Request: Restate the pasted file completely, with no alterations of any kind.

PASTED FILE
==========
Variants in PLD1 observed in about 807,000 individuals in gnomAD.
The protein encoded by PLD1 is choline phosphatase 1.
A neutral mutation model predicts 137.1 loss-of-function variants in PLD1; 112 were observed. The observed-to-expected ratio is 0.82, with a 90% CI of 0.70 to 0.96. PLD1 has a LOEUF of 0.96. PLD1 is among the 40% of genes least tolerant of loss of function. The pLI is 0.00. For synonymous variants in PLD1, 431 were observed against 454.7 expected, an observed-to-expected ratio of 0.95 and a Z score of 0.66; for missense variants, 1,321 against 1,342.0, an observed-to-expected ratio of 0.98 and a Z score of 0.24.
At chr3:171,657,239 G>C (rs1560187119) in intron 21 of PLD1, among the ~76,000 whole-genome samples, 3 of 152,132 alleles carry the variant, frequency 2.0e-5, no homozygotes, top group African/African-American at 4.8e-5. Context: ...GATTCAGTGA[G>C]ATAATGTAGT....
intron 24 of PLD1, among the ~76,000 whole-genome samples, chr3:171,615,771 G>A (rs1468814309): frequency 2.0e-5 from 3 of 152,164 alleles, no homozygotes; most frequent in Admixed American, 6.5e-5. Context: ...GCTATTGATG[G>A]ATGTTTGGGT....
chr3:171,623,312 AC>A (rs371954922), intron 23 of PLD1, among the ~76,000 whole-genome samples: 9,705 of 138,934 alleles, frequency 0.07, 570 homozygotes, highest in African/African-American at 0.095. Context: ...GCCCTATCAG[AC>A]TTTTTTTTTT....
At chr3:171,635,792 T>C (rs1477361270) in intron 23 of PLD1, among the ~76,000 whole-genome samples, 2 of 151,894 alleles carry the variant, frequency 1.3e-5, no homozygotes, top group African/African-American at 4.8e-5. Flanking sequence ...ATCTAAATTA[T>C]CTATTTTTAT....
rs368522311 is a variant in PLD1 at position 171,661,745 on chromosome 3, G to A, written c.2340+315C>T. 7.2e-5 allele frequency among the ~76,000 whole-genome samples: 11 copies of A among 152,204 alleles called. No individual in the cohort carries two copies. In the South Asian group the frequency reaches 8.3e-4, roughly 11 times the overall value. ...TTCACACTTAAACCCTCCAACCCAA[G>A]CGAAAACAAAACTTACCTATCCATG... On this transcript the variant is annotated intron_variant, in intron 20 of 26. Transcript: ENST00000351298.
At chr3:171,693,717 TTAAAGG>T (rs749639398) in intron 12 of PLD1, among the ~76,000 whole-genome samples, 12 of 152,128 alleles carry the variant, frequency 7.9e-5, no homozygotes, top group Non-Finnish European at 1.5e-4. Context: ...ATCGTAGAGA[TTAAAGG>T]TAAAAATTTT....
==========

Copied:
Variants in PLD1 observed in about 807,000 individuals in gnomAD.
The protein encoded by PLD1 is choline phosphatase 1.
A neutral mutation model predicts 137.1 loss-of-function variants in PLD1; 112 were observed. The observed-to-expected ratio is 0.82, with a 90% CI of 0.70 to 0.96. PLD1 has a LOEUF of 0.96. PLD1 is among the 40% of genes least tolerant of loss of function. The pLI is 0.00. For synonymous variants in PLD1, 431 were observed against 454.7 expected, an observed-to-expected ratio of 0.95 and a Z score of 0.66; for missense variants, 1,321 against 1,342.0, an observed-to-expected ratio of 0.98 and a Z score of 0.24.
At chr3:171,657,239 G>C (rs1560187119) in intron 21 of PLD1, among the ~76,000 whole-genome samples, 3 of 152,132 alleles carry the variant, frequency 2.0e-5, no homozygotes, top group African/African-American at 4.8e-5. Context: ...GATTCAGTGA[G>C]ATAATGTAGT....
intron 24 of PLD1, among the ~76,000 whole-genome samples, chr3:171,615,771 G>A (rs1468814309): frequency 2.0e-5 from 3 of 152,164 alleles, no homozygotes; most frequent in Admixed American, 6.5e-5. Context: ...GCTATTGATG[G>A]ATGTTTGGGT....
chr3:171,623,312 AC>A (rs371954922), intron 23 of PLD1, among the ~76,000 whole-genome samples: 9,705 of 138,934 alleles, frequency 0.07, 570 homozygotes, highest in African/African-American at 0.095. Context: ...GCCCTATCAG[AC>A]TTTTTTTTTT....
At chr3:171,635,792 T>C (rs1477361270) in intron 23 of PLD1, among the ~76,000 whole-genome samples, 2 of 151,894 alleles carry the variant, frequency 1.3e-5, no homozygotes, top group African/African-American at 4.8e-5. Flanking sequence ...ATCTAAATTA[T>C]CTATTTTTAT....
rs368522311 is a variant in PLD1 at position 171,661,745 on chromosome 3, G to A, written c.2340+315C>T. 7.2e-5 allele frequency among the ~76,000 whole-genome samples: 11 copies of A among 152,204 alleles called. No individual in the cohort carries two copies. In the South Asian group the frequency reaches 8.3e-4, roughly 11 times the overall value. ...TTCACACTTAAACCCTCCAACCCAA[G>A]CGAAAACAAAACTTACCTATCCATG... On this transcript the variant is annotated intron_variant, in intron 20 of 26. Transcript: ENST00000351298.
At chr3:171,693,717 TTAAAGG>T (rs749639398) in intron 12 of PLD1, among the ~76,000 whole-genome samples, 12 of 152,128 alleles carry the variant, frequency 7.9e-5, no homozygotes, top group Non-Finnish European at 1.5e-4. Context: ...ATCGTAGAGA[TTAAAGG>T]TAAAAATTTT....